How To Organize A Zoom Book Club If Reading Alone Just Isn’t Doing It

After your fourth or fifth virtual hangout with friends, it might feel like you’re running out of ways to social distance and have a good time. There are only so many trivia questions a single person can come up with, so it might be time to start your very own Zoom book club. All you need to do is decide on a book with your friends, make sure each of them knows how to use Zoom, and you’ll be off to the races.

How To Choose A Book To Discuss On Zoom

There are a few ways to choose a book for your Zoom book club. One way is to open it up to a conversation, with members throwing out different titles they want to read, and see if your club can reach consensus that way. If you can’t collectively think of a book to read for your Zoom book club, consider checking out mass book clubs like Oprah’s Book Club or Belletrist, a book club started by Emma Roberts, for suggestions.

Here are some books you might consider for your Zoom book club, along with book club discussion guides for them:

  • The Immortalists, by Chloe Benjamin
  • Ask Again, Yes, by Mary Beth Keane
  • The Underground Railroad, by Colson Whitehead
  • White Oleander, by Janet Fitch
  • Severance, by Ling Ma

Identify The Goal Of Your Zoom Book Club

Decide what the goal of your Zoom book club is before you actually dig in. Is it to just have some fun and chat literature with your friends over a glass of wine, or is it to get into the nitty gritty of the writer’s craft on a sentence level? Things will definitely go smoother for your book club if you guys agree upon this from the beginning.

Set Deadlines For Your Zoom Book Club & Assign Book Leaders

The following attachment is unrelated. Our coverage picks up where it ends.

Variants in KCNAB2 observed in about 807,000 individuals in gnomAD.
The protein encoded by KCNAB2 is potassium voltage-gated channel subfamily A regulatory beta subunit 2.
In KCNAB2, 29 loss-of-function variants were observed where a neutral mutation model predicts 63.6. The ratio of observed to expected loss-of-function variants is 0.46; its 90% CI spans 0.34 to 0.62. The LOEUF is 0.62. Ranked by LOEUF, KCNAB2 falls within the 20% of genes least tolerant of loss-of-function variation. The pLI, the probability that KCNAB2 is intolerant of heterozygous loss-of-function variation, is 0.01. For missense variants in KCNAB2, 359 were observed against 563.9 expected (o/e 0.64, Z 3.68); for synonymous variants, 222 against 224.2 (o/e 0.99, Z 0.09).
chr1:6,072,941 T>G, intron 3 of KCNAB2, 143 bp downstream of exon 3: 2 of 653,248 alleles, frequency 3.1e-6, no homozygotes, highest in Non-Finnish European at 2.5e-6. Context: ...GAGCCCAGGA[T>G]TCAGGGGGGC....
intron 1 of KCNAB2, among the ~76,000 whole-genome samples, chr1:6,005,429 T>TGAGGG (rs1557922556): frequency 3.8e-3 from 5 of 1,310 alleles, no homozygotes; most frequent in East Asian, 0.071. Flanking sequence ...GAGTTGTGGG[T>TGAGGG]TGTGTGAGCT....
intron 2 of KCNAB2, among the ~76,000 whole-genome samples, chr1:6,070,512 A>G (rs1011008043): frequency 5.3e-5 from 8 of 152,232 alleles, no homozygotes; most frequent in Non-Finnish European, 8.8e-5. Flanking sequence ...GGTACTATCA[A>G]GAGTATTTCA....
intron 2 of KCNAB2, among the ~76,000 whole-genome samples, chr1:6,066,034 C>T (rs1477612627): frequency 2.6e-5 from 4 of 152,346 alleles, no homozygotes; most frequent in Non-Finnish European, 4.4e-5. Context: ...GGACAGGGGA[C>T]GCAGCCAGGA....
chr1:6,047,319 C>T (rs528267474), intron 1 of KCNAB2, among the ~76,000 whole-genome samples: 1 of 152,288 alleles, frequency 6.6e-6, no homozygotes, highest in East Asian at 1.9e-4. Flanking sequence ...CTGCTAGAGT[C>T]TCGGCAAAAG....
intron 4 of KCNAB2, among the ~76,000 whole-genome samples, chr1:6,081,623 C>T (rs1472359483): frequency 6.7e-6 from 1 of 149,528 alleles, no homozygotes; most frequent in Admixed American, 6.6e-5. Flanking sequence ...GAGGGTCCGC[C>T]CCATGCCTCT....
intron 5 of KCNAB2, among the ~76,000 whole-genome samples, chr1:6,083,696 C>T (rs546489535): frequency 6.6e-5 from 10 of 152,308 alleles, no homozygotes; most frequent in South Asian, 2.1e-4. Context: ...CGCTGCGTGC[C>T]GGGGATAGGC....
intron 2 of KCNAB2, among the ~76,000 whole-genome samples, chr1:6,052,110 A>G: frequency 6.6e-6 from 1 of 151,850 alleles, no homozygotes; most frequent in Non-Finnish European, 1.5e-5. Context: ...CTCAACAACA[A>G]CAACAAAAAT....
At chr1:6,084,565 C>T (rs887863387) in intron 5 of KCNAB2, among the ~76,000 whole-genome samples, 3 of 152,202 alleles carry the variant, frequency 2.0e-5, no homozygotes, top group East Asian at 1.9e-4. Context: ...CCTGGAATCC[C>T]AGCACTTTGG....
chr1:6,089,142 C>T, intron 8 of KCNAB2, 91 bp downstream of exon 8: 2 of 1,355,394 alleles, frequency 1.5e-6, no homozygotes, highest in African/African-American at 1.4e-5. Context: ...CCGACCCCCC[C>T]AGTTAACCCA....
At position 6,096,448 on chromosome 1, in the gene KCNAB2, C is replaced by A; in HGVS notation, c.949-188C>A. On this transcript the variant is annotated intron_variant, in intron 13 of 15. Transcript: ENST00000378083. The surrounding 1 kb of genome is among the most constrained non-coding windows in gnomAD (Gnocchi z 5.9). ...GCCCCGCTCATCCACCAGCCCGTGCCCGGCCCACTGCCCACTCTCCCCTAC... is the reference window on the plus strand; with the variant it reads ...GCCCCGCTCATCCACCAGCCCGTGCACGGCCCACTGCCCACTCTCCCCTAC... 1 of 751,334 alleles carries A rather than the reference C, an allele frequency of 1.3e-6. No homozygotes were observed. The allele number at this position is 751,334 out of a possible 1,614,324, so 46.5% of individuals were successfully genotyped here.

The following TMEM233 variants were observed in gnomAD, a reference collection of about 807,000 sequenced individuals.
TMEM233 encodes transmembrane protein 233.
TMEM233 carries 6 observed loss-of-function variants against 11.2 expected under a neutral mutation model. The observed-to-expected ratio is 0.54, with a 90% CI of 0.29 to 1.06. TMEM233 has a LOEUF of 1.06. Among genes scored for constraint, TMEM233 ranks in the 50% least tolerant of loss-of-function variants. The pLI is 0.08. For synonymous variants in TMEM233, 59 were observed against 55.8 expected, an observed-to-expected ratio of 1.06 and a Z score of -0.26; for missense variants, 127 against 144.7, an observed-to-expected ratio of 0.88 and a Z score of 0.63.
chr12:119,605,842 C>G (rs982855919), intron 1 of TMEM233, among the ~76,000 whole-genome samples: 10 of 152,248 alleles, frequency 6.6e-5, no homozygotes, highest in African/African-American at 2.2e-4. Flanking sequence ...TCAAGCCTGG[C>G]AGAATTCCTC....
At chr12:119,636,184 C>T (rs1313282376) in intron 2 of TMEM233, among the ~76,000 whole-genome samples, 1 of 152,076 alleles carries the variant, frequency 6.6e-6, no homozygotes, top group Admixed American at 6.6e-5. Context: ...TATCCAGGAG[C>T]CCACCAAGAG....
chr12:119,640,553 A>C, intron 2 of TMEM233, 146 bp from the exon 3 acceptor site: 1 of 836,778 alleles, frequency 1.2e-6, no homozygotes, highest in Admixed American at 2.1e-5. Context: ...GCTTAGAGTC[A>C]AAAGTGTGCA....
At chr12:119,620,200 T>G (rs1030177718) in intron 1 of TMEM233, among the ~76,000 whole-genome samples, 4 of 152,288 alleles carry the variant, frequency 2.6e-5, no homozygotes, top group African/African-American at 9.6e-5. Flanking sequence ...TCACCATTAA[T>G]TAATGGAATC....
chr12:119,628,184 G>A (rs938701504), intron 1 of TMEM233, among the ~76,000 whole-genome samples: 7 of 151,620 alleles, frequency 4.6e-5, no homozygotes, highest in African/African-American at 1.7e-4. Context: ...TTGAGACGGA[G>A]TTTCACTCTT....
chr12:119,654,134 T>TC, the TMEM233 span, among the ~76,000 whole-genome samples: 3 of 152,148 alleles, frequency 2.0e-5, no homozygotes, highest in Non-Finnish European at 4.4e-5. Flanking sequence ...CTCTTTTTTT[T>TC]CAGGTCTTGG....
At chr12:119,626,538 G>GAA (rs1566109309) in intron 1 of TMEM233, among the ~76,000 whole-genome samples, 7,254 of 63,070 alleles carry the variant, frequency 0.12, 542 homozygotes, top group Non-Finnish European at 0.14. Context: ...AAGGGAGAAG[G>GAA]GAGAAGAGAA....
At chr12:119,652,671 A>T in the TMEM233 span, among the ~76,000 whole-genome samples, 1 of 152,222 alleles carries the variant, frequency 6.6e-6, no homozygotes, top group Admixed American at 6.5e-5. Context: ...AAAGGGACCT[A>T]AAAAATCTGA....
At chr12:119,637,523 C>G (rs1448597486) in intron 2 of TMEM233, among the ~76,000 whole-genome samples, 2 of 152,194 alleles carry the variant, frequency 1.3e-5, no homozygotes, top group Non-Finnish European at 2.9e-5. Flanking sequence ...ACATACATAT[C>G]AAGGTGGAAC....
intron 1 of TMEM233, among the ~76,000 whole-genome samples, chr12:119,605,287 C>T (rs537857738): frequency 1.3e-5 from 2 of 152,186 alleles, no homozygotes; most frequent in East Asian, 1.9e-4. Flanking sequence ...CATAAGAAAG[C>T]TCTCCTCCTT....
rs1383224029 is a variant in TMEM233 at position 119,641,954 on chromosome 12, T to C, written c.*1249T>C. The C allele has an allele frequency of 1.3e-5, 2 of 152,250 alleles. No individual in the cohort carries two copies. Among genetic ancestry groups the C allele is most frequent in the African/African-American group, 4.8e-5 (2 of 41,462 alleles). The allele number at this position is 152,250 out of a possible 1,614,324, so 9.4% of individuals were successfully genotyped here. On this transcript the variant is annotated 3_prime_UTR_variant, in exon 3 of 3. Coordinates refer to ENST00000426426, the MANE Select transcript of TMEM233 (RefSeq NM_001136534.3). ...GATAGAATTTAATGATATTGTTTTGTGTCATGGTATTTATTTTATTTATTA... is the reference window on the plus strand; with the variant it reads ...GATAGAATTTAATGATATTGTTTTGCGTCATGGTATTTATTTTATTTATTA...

Setting certain deadlines and parameters for your Zoom book club will make the actual meetings way more pleasant. That way, you can actually talk about the book itself, rather than spending the first 20 minutes figuring out how far everyone read, and how to avoid giving away spoilers.

Here are some structural questions to help you and your Zoom book club pals create guidelines:

  • How often do you want your book club to meet? (Weekly or monthly is normal, but there’s nothing to stop you from chatting daily!)
  • How many pages can everyone comfortably read, between sessions?
  • How do you want each book club session to be guided (i.e., do you want to have a leader for each session, how long do you want each session to be, etc.)?

Here’s a sample set of guidelines for a book club: everyone reads 100 pages a week, and meets up on a Zoom video call for an hour every Thursday. Leading up to that call, the weekly book club leader prepares a few questions to ask, which will get creative juices flowing. Throughout the Zoom meeting, the leader guides the conversation along, asking new questions when the conversation runs dry.

Zoom Book Club Leaders Come Up With Questions

In terms of what questions to ask, book leaders should probably align with the goal of your book club, as mentioned above. For example, if your goal is to focus on craft, you can ask a question like: what is the main conflict of the book? How is the author pushing it forward in these pages?

Or, if your goal is just to read something for enjoyment with your friends, you can ask more socially-driven questions, like: which character do you align with, personally?

Many books have pre-made book club discussion guides online; it’s worth searching for one for your given book to see if you find any inspiration from those questions (like the discussion guides linked above). Consider checking out this list of book club discussion topics by Book Riot, if you’re still not sure what to talk about during your Zoom meeting.

Get Familiar With Zoom Before Your Book Club Meetings

The most important aspect of your book club, besides the book itself, is the software that allows you to talk with your friends while social distancing: Zoom, or whatever other video software you plan on using.

Getting comfortable using Zoom will help your book club run smoothly; for that reason, you should meet with your friends on Zoom prior to your first official book club meeting, so that you can troubleshoot together and give one another advice about how to use the platform.

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